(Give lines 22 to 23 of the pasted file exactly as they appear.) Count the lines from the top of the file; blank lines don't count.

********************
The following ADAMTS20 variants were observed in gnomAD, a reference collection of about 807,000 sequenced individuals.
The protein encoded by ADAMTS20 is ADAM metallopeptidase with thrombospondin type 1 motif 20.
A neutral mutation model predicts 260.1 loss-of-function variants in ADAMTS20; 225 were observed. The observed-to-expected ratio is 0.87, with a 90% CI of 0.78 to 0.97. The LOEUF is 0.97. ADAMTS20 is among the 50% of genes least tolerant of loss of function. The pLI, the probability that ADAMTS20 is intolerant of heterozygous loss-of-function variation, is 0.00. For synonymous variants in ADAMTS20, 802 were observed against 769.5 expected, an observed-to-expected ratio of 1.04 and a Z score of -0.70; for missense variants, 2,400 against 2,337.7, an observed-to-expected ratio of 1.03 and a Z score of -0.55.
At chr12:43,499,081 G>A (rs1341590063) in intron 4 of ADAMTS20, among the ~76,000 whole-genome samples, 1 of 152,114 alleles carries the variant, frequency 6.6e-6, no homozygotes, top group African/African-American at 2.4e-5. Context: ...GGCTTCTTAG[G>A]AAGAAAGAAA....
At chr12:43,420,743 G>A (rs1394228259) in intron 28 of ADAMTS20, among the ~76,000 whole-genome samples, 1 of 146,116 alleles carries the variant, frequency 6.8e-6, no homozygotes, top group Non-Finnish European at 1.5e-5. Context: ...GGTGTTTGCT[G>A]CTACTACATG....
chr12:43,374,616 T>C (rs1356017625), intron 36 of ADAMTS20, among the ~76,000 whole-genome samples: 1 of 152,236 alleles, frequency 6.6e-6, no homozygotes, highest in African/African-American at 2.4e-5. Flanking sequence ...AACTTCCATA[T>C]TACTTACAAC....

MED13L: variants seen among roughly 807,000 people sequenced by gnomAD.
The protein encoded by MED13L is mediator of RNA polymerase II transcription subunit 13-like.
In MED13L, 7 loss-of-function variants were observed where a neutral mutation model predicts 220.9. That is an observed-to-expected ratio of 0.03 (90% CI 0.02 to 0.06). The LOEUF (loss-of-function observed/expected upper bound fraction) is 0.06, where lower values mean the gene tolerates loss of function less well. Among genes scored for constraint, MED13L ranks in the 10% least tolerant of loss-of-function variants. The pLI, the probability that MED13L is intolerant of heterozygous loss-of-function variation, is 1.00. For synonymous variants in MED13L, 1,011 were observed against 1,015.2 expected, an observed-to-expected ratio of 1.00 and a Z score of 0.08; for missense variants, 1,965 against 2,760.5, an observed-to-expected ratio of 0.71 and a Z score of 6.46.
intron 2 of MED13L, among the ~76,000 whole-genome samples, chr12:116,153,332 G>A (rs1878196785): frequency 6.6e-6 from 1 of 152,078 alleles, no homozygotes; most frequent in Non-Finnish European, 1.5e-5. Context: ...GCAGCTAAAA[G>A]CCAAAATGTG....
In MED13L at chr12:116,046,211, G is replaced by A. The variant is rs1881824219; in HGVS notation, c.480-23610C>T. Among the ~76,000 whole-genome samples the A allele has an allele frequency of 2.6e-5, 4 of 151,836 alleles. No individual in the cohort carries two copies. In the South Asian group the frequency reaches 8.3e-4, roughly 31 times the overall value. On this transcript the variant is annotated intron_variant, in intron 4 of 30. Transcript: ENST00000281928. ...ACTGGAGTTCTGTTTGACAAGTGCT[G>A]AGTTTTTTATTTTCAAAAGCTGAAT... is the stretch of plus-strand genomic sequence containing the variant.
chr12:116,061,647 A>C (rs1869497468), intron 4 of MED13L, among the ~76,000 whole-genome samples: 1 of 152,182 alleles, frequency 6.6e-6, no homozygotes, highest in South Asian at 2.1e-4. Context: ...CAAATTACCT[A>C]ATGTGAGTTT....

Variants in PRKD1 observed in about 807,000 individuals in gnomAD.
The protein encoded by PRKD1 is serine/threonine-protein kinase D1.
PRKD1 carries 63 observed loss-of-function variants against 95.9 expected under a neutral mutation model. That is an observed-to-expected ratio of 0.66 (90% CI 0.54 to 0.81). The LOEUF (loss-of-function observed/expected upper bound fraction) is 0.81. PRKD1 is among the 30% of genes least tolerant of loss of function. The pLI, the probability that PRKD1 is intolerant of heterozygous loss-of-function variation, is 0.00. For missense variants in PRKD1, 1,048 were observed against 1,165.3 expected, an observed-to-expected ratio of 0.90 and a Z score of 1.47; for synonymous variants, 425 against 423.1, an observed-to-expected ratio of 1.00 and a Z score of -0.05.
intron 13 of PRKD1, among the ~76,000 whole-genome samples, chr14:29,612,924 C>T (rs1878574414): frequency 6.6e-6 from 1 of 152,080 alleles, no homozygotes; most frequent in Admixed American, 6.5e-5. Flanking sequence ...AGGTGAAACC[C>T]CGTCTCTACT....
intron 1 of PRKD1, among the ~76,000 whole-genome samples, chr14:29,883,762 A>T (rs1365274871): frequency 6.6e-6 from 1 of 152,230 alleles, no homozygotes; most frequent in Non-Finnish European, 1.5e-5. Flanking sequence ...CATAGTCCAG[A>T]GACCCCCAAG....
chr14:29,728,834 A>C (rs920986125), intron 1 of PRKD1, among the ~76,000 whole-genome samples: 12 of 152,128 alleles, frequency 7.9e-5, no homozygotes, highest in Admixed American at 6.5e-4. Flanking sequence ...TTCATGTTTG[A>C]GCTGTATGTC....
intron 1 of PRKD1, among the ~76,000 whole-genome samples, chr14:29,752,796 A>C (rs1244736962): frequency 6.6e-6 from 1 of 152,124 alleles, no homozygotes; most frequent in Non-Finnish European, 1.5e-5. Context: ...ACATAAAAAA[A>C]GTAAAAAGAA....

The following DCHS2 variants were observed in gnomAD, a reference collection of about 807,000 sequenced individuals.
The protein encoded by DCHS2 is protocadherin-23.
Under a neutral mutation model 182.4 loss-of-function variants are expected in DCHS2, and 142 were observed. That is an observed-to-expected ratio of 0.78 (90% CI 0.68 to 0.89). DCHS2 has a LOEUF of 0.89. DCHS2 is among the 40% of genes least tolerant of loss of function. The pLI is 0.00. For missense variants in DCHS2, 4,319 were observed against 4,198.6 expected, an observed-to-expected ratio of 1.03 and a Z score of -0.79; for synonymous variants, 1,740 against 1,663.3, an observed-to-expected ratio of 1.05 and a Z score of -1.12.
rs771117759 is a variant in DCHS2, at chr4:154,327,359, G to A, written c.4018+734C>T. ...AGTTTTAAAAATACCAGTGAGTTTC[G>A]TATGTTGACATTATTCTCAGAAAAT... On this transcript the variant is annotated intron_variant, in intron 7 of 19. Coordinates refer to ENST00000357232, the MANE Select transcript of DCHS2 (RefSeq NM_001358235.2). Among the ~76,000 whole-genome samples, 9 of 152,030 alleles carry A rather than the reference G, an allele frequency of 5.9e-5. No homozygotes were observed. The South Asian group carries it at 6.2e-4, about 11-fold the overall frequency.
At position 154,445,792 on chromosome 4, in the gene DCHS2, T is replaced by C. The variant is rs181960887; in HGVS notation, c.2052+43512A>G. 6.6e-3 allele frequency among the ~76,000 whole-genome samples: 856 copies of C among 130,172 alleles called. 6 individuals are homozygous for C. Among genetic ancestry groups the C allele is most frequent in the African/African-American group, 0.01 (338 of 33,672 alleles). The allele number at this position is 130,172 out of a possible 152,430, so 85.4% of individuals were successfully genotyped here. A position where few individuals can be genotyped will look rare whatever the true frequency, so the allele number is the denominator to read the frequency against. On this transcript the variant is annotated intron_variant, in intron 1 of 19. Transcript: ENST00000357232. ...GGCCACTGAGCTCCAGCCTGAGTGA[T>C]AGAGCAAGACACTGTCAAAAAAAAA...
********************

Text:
Under a neutral mutation model 182.4 loss-of-function variants are expected in DCHS2, and 142 were observed. That is an observed-to-expected ratio of 0.78 (90% CI 0.68 to 0.89). DCHS2 has a LOEUF of 0.89. DCHS2 is among the 40% of genes least tolerant of loss of function. The pLI is 0.00. For missense variants in DCHS2, 4,319 were observed against 4,198.6 expected, an observed-to-expected ratio of 1.03 and a Z score of -0.79; for synonymous variants, 1,740 against 1,663.3, an observed-to-expected ratio of 1.05 and a Z score of -1.12.
rs771117759 is a variant in DCHS2, at chr4:154,327,359, G to A, written c.4018+734C>T. ...AGTTTTAAAAATACCAGTGAGTTTC[G>A]TATGTTGACATTATTCTCAGAAAAT... On this transcript the variant is annotated intron_variant, in intron 7 of 19. Coordinates refer to ENST00000357232, the MANE Select transcript of DCHS2 (RefSeq NM_001358235.2). Among the ~76,000 whole-genome samples, 9 of 152,030 alleles carry A rather than the reference G, an allele frequency of 5.9e-5. No homozygotes were observed. The South Asian group carries it at 6.2e-4, about 11-fold the overall frequency.